HONG KONG (Reuters) - China’s richest man, Huang Guangyu, who is being investigated for suspected economic crimes, is no stranger to controversy.
Two years ago, local authorities investigated the self-made 39-year-old billionaire in connection with a loan deal involving his investment company, Eagle Property Group. Huang was later cleared of any wrongdoing.
The current probe of Huang, the chairman and controlling shareholder of China’s top electronics retailer GOME (0493.HK) -- known as China’s Best Buy (BBY.N), the top U.S. electronics chain -- throws the spotlight on another Chinese tale of rags-to-riches fame.
Ranked first on Hurun’s China Rich List in 2008, Huang, worth $6.3 billion, was raised in a poor family in China’s Guangdong province. He moved to Beijing in his late teens with his brother and set up a home appliances distribution firm with 30,000 yuan ($4,392), and founded GOME in 1987.
GOME was valued at around $1.8 billion as of November 24 after which trading in the stock was suspended.
The influential Caijing magazine said last week Huang was detained as part of a probe into share price manipulation at SD Jintai (600385.SS), a drugs and medical equipment firm controlled by Huang’s brother, Huang Junqin.
SD Jintai’s stock surged more than eight-fold in 2007. It is still not clear if Huang owns a stake in SD Jintai.
GOME Electrical Appliance Holdings, the company Huang founded, said he is being investigated for suspected economic crimes but the probe is not related to the group, its assets or funds.
“Doing business in China is very complicated. Having a good relationship with everyone, with the government in particular, is a major key to success,” said Castor Pang, a strategist at stock brokerage Sun Hung Kai Financial in Hong Kong.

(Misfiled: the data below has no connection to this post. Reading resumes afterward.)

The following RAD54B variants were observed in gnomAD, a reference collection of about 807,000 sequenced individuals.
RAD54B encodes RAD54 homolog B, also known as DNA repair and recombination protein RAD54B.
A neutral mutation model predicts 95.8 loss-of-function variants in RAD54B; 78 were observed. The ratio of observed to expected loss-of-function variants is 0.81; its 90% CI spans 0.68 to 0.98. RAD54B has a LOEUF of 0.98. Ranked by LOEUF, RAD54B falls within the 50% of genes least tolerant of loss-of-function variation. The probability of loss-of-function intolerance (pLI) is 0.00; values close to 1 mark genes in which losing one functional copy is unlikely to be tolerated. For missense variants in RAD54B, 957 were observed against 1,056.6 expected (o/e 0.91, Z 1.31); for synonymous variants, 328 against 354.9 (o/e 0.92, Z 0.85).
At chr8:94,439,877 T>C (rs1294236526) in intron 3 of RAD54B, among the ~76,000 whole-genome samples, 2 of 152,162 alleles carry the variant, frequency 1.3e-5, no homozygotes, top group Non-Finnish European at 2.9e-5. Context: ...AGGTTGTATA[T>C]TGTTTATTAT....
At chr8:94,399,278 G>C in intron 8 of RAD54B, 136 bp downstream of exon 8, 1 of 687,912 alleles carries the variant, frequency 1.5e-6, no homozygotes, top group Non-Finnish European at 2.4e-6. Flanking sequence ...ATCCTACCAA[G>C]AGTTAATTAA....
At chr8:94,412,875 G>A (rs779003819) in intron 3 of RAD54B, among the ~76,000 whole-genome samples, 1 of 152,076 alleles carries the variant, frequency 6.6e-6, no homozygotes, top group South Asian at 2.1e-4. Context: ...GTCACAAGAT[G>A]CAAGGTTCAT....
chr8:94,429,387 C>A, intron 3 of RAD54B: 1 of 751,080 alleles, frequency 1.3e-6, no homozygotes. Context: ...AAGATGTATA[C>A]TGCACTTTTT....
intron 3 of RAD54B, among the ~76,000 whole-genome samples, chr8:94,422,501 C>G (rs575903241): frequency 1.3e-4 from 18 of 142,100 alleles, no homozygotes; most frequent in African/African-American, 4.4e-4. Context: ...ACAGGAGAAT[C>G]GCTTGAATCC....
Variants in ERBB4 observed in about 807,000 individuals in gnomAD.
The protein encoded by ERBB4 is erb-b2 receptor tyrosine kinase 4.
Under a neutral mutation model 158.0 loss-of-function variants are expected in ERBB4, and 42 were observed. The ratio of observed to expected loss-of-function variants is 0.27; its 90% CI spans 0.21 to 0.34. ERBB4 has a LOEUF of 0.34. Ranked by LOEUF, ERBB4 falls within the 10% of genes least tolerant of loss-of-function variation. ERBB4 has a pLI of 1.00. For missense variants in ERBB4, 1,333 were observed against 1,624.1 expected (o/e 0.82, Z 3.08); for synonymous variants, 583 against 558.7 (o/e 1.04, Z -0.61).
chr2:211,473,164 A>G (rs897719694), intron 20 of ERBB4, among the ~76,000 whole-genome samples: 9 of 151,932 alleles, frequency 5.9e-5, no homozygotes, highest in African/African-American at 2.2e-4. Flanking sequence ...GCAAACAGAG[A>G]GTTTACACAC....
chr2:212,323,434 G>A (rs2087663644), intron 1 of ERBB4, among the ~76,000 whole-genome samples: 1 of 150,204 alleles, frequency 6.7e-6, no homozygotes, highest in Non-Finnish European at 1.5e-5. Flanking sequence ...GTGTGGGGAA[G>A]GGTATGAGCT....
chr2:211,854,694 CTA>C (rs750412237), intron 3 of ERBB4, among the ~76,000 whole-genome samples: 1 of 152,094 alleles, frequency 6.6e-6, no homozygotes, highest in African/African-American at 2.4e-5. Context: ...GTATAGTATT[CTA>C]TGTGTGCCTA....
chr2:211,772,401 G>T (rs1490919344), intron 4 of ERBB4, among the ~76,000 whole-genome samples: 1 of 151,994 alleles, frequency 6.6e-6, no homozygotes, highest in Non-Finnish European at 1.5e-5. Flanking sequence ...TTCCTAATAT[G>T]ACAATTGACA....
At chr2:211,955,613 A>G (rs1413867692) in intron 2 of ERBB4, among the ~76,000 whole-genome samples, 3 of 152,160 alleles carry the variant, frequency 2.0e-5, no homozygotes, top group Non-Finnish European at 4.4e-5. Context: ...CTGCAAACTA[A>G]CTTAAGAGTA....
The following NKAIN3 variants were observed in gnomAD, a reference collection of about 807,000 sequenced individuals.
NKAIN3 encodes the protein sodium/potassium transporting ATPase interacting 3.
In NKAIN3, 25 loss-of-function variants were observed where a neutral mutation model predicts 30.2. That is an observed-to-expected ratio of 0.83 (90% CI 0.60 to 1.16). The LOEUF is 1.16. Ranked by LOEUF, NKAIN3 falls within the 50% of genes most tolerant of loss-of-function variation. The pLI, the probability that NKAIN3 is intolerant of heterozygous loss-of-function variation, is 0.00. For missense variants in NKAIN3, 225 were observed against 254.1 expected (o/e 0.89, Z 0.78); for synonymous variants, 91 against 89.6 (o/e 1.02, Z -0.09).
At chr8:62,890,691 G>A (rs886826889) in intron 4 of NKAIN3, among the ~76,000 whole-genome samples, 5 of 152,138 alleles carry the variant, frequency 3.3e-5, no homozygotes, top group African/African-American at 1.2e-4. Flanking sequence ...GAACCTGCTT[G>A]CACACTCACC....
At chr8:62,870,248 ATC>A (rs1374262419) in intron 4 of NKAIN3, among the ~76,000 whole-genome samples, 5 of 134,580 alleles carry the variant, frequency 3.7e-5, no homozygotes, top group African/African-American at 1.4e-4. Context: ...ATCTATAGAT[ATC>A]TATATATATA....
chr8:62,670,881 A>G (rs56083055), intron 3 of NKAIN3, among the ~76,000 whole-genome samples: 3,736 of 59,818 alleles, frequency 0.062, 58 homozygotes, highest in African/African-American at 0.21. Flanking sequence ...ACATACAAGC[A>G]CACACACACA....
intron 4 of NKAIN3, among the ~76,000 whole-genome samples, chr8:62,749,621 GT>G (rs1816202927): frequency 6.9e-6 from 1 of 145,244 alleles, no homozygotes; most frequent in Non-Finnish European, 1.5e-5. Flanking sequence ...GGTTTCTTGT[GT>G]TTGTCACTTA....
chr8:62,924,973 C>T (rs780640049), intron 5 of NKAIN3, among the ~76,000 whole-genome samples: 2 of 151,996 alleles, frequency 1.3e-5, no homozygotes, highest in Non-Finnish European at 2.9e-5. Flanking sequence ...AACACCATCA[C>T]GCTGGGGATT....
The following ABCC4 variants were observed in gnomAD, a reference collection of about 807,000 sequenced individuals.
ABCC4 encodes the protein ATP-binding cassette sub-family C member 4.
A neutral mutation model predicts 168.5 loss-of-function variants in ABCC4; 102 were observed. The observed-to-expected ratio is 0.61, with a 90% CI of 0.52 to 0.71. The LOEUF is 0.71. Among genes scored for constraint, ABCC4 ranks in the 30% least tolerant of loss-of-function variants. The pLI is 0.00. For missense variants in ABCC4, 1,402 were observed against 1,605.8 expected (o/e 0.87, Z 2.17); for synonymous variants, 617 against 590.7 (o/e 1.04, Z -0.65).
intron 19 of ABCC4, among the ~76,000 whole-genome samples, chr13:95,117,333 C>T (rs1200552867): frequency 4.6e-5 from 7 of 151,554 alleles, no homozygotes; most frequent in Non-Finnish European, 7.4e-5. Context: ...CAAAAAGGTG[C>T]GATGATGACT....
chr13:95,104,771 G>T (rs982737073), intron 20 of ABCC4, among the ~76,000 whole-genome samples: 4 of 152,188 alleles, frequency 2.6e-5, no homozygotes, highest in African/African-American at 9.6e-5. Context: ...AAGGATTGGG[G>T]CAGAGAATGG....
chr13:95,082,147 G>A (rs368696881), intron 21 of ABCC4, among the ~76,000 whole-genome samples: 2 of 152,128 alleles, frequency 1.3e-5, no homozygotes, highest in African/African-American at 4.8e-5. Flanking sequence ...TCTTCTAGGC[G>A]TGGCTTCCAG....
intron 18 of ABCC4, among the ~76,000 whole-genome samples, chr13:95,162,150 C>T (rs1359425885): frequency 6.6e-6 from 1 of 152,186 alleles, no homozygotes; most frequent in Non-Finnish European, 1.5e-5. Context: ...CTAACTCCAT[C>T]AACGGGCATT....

“It’s very difficult to say, though, that people have to deal with corruption to climb the ladder. In China, businessmen need to deal under the table to make things move faster, to get things done via short-cuts.”
China’s stock regulator has been battling with limited success to curb stock manipulation, insider trading and poor corporate disclosure that have plagued the Chinese market.
Huang is well known for his distaste of ostentation and -- a relatively young man in the pantheon of self-made Chinese entrepreneurs -- is legendary for keeping grueling work hours, according to GOME executives who have worked with him directly.
“I don’t know much about his personal dealings, but he’s an aggressive guy and I have absolute respect for him as a business man,” a source close to the company told Reuters on Friday.
“I would suspect it has more to do with his personal dealings. He is in on property, retail and also the capital markets,” added the source, who did not want to be named given the sensitive nature of the matter.
The source said GOME’s CFO, Zhou Yafei, who is also being investigated along with Huang, worked with the chairman closely, both on issues related to GOME, and on Huang’s other business interests.
There has been no word on Huang’s whereabouts.
“Wealth itself attracts a lot of attention. Billionaires are being created in China, and that’s a good thing. From a personal point of view, they need to install better practices in terms of transparency and business standards,” the source said.
“Wealth alone is not going to protect them.”
Apart from GOME, Huang’s assets include substantial holdings in real estate on the mainland.
“There are no boundaries for a businessman,” is Huang’s often-quoted personal philosophy.
“I didn’t really think much at that time. I just felt that if I still can’t make achievements, I could not face my ancestors and family,” Huang is quoted as saying in the book, China’s Rich List.
He rose to fame after he founded GOME and eventually tapped China’s consumption boom, transforming his street stall into China’s largest distributor of home appliances.
When he first vaulted to the ranks of China’s rich and famous in 2004, Huang showed no pride or emotion as “his left hand clasped his right hand” -- a Chinese gesture of nonchalance as described by those around him at the time.
Shares of GOME have tumbled nearly 80 percent so far this year, much more than the 50 percent fall in the benchmark broader index .HSI as the global financial crisis takes its toll on consumer spending.
At an interview with Reuters last year, Huang was relaxed and easy-going, sharing cigarettes with journalists, while chatting freely on a crowded Beijing street on any number of topics from Chinese culture to the then-breakneck expansion of his still-young corporation.
Additional reporting by Fion Li; Editing by Anne Marie Roantree and Anshuman Daga